Difference between revisions of "Student Debt Research"

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Latest revision as of 16:56, 20 February 2018

Student Debt Research[edit]

Outstanding Questions[edit]

  1. What is the gap between a late payment as DOE considers it for the debtor/student themselves vs. their scorekeeping for a servicer?
  2. A journalist said that if we timed late payments just right, we could have zero risk for the student/debtor but the servicer would be forced to list a large number of late payments under it’s perveiw. Never been able to find the exact language in the servicer contract that spells this out, however.
  3. Are there any signs that the DOE plans to securitize Direct loans? (Is there a mechanism for them to do this this?)
  4. What would be the effect of ending the federal guarantee of student loans? For instance, if the government stopped guaranteeing such loans, would wall street stop buying bonds from UC?
  5. What are all the ways that bond markets have negative effects on education? (The need to promise to repay bonds makes schools raise tuition; makes state schools bring in more out of state and foreign students to jack up prices; makes colleges hire adjuncts instead of full-time faculty to save money. What are some other ways we can politicize the bond market in education?

Department of Education Budget[edit]

2017 Budget[edit]

  • "Overall, the 2017 Budget for postsecondary student aid includes both discretionary and mandatory funding that would make available $139.7 billion in new grants, loans, and work-study assistance-an increase of $42.0 billion, or 43 percent, over the amount available in 2008-to help an estimated 12.1million students and their families pay for college." [1]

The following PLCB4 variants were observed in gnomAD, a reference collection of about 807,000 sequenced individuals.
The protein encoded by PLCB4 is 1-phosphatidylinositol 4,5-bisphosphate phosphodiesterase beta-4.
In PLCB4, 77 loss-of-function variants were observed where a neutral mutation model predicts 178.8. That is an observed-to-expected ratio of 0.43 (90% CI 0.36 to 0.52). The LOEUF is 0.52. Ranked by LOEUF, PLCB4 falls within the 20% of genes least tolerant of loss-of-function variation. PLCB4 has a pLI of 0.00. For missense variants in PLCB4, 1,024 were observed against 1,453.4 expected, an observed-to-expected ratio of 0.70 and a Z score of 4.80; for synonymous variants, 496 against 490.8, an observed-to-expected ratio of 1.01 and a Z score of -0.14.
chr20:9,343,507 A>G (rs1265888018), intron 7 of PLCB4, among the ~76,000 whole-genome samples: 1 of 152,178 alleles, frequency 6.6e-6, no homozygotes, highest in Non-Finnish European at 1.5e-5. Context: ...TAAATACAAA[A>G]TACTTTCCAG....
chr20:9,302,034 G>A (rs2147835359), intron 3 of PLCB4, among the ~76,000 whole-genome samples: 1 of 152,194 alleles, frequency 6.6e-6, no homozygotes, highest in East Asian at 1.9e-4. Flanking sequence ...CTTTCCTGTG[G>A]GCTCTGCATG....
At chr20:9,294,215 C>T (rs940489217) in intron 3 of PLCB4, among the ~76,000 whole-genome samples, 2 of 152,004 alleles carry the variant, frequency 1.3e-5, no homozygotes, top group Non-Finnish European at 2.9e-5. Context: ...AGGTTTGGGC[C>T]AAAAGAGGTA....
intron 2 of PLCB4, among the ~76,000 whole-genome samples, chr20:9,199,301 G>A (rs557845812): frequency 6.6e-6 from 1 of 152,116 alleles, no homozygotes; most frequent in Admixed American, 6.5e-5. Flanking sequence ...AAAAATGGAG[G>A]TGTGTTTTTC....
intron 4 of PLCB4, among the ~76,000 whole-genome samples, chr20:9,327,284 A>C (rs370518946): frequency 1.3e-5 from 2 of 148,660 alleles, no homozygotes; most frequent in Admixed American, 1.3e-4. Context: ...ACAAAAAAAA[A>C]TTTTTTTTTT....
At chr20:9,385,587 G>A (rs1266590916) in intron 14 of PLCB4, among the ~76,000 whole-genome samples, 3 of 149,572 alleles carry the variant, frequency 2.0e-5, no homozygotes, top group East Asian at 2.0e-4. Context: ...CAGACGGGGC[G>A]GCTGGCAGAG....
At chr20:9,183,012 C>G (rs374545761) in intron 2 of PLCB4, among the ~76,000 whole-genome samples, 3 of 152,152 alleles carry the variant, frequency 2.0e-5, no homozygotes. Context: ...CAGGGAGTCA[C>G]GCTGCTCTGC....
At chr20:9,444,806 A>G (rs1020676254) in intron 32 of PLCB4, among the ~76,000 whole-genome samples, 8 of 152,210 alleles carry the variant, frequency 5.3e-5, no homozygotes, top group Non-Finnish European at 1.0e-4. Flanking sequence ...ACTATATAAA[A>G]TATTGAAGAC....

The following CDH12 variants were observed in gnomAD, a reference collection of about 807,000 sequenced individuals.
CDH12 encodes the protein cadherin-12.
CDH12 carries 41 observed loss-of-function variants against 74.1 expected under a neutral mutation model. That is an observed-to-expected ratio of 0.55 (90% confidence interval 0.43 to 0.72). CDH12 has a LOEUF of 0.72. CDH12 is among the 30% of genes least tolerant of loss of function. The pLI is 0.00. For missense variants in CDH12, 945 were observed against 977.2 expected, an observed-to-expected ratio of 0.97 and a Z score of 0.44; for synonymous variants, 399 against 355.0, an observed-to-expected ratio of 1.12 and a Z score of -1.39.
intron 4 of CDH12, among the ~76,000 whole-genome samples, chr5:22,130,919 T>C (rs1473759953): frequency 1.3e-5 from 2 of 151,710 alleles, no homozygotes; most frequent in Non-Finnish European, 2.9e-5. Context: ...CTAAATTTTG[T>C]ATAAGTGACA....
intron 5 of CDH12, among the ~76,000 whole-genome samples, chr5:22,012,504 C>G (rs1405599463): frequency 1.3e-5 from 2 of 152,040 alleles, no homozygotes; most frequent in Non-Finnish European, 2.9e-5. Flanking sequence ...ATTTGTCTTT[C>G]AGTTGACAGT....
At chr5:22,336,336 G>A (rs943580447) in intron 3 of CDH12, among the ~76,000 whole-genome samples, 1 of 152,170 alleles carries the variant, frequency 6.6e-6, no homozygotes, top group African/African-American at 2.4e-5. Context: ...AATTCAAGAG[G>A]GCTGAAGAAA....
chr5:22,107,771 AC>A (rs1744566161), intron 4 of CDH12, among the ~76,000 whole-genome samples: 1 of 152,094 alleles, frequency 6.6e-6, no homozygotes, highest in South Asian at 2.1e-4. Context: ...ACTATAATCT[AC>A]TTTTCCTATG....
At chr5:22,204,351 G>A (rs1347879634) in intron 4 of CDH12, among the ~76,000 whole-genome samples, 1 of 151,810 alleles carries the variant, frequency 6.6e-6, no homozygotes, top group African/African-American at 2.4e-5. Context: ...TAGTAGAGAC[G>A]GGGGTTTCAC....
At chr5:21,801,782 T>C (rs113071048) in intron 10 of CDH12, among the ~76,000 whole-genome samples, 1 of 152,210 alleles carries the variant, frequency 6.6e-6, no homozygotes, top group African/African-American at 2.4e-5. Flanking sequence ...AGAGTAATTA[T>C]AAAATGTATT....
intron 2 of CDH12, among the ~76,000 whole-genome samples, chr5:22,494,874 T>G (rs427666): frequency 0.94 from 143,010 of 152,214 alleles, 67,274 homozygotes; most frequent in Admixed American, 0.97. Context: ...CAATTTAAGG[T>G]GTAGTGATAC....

• The federal government allocated approximately $154 billion on education in fiscal year 2015
  • "measuring spending on the federal student loan program is not straightforward, and the government provides significant subsidies for higher education in the form of tax benefits."
  • The federal government spent a total of $3.7 trillion in fiscal year 2015. That means the approximate $154 billion in education spending accounts for approximately 4.2 percent of the entire federal budget.

DoE Appropriations 67.1 billion

  • Student Loan Subsidies (newly distributed loans) $8 billion
  • student loans, are funded on an ongoing basis through mandatory spending (unlike most federal education programs which are funded through the annual appropriations process) [2]

Ed Profits:[edit]

Fiscal year 2013 - $42.5 billion in profit

  • "Had Congress and President Barack Obama not agreed over the summer to temporarily lower student loan interest rates, the Education Department's 2013 profits would have been about $8 billion higher, according to the Congressional Budget Office, and they would have set a new record."
  • 7-17-2013 "The federal government is due to book $51 billion in profit this year off new and existing federal student loans, according to estimates by the nonpartisan Congressional Budget Office. The record amount brings the government's profit haul to nearly $120 billion over the past five years, according to CBO forecasts and Department of Education budget documents. The CBO estimates that the government will generate $184 billion in profit for new loans made this fiscal year through 2023." [3]

2011: 47.9 billion in profit